Joseph I of Constantinople

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Joseph I Galesiotes (Greek: Ἰωσὴφ Α´ Γαλησιώτης; died 23 March 1283) was a Byzantine monk who served twice as Patriarch of Constantinople, from 1266 to 1275 and from 1282 until shortly before his death in 1283. He is most notable as an opponent of Emperor Michael VIII Palaiologos' plans to unite the Orthodox Church with the Catholic Church, for which he is recognized as a confessor by the Orthodox Church.

Life

After being married for eight years he became a monk. He served as a lector (anagnostes) from 1222 until 1254, and in 1259/60 became abbot of the Lazaros monastery on Mount Galesios.[1][2] Joseph became the confessor to Emperor Michael VIII Palaiologos (reigned 1259–82). In this capacity, he was sent in 1264 by Michael to Patriarch Arsenios Autoreianos to seek the lifting of the Patriarch's excommunication of the Emperor on account of the blinding of the young John IV Laskaris (r. 1258–61). Arsenios remained intransigent, however, and at length Michael deposed him and on 28 December 1266 named Joseph to the patriarchate. Joseph soon issued a pardon to the emperor, which enraged the supporters of his predecessor and exacerbated the so-called "Arsenite schism".[1][2]

In 1272 Joseph officiated at the coronation of Andronikos II Palaiologos as co-emperor, but soon fell out with Michael VIII over the latter's projected union of the Orthodox Church with the Catholic Church.[1] For Michael, who was threatened by the ambitions of Charles of Anjou, the Union was the sole instrument for preventing a full-scale assault by the Western powers on his empire, but the Byzantine clergy and people almost universally opposed the concessions made to the Papacy on matters of doctrine and Papal supremacy.[3] In 1273, Joseph swore an oath not to accept the Union under the terms set out by the Pope, and in early 1274, as the Byzantine delegation prepared to travel to Italy to effect the Union, retired from his official duties to the Peribleptos Monastery.[1][2]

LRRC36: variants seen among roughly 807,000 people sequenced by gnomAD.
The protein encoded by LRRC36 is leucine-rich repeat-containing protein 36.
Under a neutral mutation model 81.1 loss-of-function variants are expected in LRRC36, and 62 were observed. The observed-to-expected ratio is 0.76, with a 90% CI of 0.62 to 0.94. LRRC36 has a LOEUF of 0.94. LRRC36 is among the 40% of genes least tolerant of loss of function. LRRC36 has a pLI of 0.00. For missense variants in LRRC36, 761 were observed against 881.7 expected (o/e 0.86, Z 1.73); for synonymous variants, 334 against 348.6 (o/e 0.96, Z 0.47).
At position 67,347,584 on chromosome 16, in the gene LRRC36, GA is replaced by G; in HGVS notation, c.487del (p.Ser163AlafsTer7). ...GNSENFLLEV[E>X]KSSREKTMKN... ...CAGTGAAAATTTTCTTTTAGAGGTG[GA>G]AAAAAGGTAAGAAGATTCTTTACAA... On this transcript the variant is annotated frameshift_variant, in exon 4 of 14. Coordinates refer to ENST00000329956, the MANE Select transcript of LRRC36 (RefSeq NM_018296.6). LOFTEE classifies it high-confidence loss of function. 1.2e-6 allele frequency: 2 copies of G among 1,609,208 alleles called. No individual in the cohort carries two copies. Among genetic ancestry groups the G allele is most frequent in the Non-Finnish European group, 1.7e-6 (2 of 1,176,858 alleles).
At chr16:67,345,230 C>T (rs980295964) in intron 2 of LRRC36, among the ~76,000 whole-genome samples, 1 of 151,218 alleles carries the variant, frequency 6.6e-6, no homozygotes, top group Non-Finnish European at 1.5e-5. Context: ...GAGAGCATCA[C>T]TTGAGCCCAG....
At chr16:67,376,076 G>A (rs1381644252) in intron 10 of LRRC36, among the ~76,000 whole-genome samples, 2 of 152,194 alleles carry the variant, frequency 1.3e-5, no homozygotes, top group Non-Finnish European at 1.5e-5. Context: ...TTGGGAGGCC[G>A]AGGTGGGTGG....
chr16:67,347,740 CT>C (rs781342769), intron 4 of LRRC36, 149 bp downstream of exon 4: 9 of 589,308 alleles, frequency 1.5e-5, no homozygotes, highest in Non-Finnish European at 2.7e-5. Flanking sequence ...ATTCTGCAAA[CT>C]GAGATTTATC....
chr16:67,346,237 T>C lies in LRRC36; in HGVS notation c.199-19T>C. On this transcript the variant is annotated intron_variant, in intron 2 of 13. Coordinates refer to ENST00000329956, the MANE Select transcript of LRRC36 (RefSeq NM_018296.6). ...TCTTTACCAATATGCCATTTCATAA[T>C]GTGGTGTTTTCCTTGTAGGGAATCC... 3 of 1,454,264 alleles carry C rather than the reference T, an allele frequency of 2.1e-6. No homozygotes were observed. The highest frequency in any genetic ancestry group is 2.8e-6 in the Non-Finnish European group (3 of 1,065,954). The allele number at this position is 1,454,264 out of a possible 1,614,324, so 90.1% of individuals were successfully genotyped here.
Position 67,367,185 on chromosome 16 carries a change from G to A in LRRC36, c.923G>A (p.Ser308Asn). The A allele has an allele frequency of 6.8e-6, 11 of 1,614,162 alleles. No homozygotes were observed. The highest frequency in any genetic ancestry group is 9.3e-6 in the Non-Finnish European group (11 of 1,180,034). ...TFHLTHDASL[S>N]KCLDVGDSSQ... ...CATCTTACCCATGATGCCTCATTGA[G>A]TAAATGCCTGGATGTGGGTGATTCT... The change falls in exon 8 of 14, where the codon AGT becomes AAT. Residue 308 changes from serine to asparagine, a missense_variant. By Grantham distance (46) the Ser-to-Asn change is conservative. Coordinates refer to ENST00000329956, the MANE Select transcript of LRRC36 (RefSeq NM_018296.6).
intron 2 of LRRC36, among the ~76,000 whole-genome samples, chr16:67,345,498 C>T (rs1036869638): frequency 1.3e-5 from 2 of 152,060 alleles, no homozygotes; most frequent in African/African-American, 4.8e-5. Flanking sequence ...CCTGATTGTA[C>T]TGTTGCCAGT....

Joseph resigned his office on 9 January 1275, retiring to the Monastery of Anaplous and later to the town of Chele on the Black Sea coast, before returning to Constantinople in summer 1280 to the Monastery of Kosmidion.[2] Following the death of Michael VIII in 1282, Andronikos II reversed his father's ecclesiastical policies, deposing the pro-Unionist John XI Bekkos and recalling Joseph to the patriarchate (31 December 1282). Joseph's poor health however forced him to resign his office shortly before his death on 23 March 1283.[1]

Due to his staunch anti-Unionite stance, he was declared a confessor by his successor Gregory II.[1] He was later canonized, and is celebrated on 30 October.[4]

References

  1. 1.0 1.1 1.2 1.3 1.4 1.5 Talbot 1991, p. 1073.
  2. 2.0 2.1 2.2 2.3 PLP, 9072. Ἰωσὴφ I..
  3. Geanakoplos 1959, pp. 189–206, 213–245, 258–276.
  4. "Ἰωσὴφ Α´" (in Greek). Ecumenical Patriarchate of Constantinople. Retrieved 19 October 2014. <templatestyles src="Module:Citation/CS1/styles.css"></templatestyles>

Sources

Eastern Orthodox Church titles
Preceded by
Germanus III
Patriarch of Constantinople
1266–1275
Succeeded by
John XI
Preceded by
John XI
Patriarch of Constantinople
1282–1283
Succeeded by
Gregory II